Feb. 28 (UPI) -- COVID-19 may be spreading around the world, but it appears flu season may be abating, according to the latest figures from the U.S. Centers for Disease Control and Prevention.
In its weekly FluView report, released Friday, the agency noted that while there were an estimated 3 million new cases of influenza across the country during the week ending February 22, the percentage of laboratory specimens testing positive for the virus declined significantly, from 29.7 percent to 26.4 percent.
The percentage of visits to healthcare providers linked with flu-like symptoms also dropped over the same period, from 6.1 percent to 5.5 percent.
In all, the CDC estimates that 32 million Americans have been sickened with the flu so far in 2019-2020, with 310,000 of them requiring hospitalization. In addition, an estimated 18,000 have died in the U.S. from the flu and related complications, including 125 children.
The percentage of deaths across the country attributable to pneumonia and influenza during the week ending February 22 was 6.9 percent, still below the CDC's epidemic threshold of 7.3 percent.
According to the report, New York City, Puerto Rico and 43 states reported "high" flu activity during the last week of reporting. The states include Alabama, Alaska, Arizona, Arkansas, California, Colorado, Connecticut, Georgia, Hawaii, Illinois, Indiana, Iowa, Kansas, Kentucky, Louisiana, Maine, Maryland, Massachusetts, Michigan, Minnesota, Mississippi, Missouri, Montana, Nebraska, New Hampshire, New Jersey, New Mexico, New York, North Carolina, Oklahoma, Pennsylvania, Rhode Island, South Carolina, South Dakota, Tennessee, Texas, Utah, Vermont, Virginia, Washington, West Virginia, Wisconsin and Wyoming.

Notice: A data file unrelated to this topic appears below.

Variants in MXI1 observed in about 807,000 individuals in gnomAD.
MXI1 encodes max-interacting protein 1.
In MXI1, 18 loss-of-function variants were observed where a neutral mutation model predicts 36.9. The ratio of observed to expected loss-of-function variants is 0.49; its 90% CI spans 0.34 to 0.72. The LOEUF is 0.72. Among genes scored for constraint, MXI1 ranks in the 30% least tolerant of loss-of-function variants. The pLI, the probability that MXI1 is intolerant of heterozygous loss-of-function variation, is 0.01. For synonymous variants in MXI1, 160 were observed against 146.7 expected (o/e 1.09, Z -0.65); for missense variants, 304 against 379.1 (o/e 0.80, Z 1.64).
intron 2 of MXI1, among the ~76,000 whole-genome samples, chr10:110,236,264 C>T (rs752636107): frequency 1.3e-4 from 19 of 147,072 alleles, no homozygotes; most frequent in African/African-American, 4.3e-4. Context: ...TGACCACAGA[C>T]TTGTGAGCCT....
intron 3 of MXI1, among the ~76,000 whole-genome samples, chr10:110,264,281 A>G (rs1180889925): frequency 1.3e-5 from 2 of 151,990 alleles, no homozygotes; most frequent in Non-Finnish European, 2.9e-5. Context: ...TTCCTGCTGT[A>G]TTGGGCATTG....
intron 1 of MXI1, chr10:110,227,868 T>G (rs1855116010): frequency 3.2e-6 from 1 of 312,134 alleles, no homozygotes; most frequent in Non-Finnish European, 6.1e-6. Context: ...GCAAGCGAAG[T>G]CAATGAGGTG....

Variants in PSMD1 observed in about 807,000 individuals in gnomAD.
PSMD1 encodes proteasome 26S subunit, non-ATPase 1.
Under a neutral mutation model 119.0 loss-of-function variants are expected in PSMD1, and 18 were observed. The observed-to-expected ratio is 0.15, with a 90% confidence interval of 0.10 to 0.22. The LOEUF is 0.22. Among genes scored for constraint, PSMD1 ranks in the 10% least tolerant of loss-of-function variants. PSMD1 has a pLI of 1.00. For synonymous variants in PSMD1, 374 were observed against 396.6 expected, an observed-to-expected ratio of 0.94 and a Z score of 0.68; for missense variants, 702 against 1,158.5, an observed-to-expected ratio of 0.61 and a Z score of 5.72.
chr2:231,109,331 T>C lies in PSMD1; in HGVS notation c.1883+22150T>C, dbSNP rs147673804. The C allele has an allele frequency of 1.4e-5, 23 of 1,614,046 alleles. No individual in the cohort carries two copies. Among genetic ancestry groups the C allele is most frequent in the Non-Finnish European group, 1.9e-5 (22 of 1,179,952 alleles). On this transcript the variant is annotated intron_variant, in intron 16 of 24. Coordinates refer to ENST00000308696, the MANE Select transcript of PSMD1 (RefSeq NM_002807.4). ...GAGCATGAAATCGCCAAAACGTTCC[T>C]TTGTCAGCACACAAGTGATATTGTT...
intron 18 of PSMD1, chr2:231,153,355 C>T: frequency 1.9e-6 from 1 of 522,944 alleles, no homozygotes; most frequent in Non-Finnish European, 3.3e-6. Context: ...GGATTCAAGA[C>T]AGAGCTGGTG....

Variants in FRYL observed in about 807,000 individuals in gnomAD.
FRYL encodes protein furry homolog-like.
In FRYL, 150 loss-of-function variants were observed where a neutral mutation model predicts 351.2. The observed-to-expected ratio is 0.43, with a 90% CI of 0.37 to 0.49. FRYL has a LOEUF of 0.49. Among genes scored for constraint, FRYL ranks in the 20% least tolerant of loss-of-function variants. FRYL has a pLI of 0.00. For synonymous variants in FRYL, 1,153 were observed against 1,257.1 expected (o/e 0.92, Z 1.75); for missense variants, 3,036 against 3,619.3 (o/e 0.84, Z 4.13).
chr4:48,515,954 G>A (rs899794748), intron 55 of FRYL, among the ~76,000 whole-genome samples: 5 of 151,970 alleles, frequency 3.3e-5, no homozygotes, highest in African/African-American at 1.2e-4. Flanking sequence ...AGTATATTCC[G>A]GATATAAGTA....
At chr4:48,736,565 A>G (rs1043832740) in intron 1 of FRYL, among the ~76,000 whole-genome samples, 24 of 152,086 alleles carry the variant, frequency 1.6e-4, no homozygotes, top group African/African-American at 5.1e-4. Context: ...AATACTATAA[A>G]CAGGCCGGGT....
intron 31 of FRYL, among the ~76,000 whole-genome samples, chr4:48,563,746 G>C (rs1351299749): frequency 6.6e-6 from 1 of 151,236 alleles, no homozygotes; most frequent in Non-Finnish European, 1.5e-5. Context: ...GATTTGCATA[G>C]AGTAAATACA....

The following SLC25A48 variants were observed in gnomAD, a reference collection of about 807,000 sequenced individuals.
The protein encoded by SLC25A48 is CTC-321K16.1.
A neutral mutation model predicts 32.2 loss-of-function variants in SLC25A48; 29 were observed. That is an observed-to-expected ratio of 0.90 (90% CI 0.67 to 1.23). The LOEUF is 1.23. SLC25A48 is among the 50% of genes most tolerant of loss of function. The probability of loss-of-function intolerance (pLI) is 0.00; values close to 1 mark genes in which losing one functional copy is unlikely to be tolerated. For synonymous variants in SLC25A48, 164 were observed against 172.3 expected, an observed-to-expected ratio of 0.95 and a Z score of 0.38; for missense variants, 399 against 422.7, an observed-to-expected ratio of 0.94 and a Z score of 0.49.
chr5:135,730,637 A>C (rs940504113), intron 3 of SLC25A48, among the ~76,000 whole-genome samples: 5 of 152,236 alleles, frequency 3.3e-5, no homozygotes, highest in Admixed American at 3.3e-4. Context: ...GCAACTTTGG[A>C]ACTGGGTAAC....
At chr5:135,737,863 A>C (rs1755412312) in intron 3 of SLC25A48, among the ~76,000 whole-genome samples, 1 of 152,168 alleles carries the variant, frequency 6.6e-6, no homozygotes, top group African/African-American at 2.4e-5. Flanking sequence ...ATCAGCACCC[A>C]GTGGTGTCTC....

Although antiviral medications have proved effective against more than 99 percent of circulating strains of influenza, the CDC said, an area of concern is the increasing prevalence A-type strains. More than half of all laboratory-confirmed flu cases this season have involved the less virulent -- and transmissable -- B type.
However, more samples have tested positive for influenza A in recent weeks.
Still, the vaccine used for the current flu season has been more than 45 percent effective at preventing cases, the agency said.